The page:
Zoo scientist’s welfare quest

24 July 2008 General News

Based at Paignton Zoo Environmental Park, Dr. Melfi is leading an international team of professionals working on primate welfare in zoos that has organised the five-day workshop. Called "Improving captive primates' welfare through good behavioural husbandry", it runs in the week before the main conference and is almost a conference within a conference.

Delegates were selected from a large list of names submitted by zoos and sanctuaries worldwide. Sixteen vets, animal keepers and zoo and sanctuary directors from countries including the Cameroon, China, Sumatra, India, Romania, Mexico and Brazil are attending free of charge thanks to support from the Margot Marsh Foundation, Edinburgh Zoo, the Whitley Wildlife Conservation Trust, Paignton Zoo Environmental Park, the RSPCA, Chester, Twycross, San Diego and Apenheul Zoos, the Golden Bird Foundation and the World Association of Zoos and Aquaria.

"We will present an overview of the major advances in the theory and practice of behavioural husbandry in zoos in recent years," said Dr. Melfi. "This includes things like environmental enrichment and positive reinforcement training, both of which stimulate managed animals mentally and physically and improve their welfare. The workshop is a great opportunity to reach professionals who do not normally have access to this sort of information. All the delegates have institutional support, which means they will be able to put ideas into action when they return to their organisation."

Many of the sanctuaries in Asia and Africa care for hundreds of young orang utans, gorillas or other primates orphaned by poaching and the bushmeat trade.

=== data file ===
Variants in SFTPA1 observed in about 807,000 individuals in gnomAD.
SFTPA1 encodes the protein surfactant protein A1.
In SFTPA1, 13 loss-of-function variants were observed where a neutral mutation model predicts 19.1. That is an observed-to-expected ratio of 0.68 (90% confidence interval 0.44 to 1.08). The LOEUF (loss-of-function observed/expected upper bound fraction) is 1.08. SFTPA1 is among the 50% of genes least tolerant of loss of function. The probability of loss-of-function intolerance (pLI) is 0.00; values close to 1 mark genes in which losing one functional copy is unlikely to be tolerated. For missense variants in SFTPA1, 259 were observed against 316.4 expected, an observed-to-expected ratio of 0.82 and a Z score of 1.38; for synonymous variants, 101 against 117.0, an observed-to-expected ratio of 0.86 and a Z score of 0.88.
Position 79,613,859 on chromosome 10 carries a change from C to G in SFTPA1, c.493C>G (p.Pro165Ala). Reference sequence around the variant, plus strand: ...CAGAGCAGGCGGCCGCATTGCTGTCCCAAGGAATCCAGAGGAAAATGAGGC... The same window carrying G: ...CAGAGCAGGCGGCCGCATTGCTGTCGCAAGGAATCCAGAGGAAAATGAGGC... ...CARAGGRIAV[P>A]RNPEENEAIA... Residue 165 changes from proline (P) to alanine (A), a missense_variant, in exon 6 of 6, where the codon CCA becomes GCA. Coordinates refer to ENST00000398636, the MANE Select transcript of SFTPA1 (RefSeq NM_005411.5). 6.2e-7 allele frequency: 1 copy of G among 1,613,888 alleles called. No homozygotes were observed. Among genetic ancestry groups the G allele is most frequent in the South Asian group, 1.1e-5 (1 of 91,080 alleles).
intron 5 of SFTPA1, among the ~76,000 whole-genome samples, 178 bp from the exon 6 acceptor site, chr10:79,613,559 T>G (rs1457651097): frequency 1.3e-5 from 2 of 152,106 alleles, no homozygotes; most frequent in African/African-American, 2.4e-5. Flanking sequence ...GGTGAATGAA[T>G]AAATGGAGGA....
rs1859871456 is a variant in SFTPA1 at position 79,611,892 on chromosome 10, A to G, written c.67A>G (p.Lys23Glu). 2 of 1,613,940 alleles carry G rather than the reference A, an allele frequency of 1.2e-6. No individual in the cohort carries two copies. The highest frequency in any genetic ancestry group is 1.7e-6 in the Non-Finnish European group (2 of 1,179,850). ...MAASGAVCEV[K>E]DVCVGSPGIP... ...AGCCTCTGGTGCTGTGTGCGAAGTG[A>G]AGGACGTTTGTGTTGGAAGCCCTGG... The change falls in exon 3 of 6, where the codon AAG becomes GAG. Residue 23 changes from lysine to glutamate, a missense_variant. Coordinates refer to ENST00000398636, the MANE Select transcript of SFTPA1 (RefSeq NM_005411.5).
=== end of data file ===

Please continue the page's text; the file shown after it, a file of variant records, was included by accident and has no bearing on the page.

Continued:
"We will discuss practical limitations, hold troubleshooting sessions, provide advice and give support so delegates can go back and train others. We want to inspire and motivate people to implement better behavioural husbandry back home. The workshop will build social and professional networks between academics, zoos, sanctuary staff, field workers and others dedicated to primates. It is exciting to think that this workshop should make a significant contribution to the improvement of captive primate welfare."

The International Primatological Society 2008 congress, which is being held in Edinburgh and hosted by the Primate Society of Great Britain, is bringing together over 1,000 delegates from 58 countries. The Whitley Wildlife Conservation Trust and Paignton Zoo Environmental Park are sending six staff to the main conference. Among them are Dr. Melfi, who will be presenting her findings from a census of the endangered Sulawesi crested black macaque; Dr Kirsten Pullen, who will give a summary of results from her recently-completed PhD on gorilla behaviour; and Holly Farmer, who will present work from her PhD studying the vocalisations of howler monkeys.

Paignton Zoo

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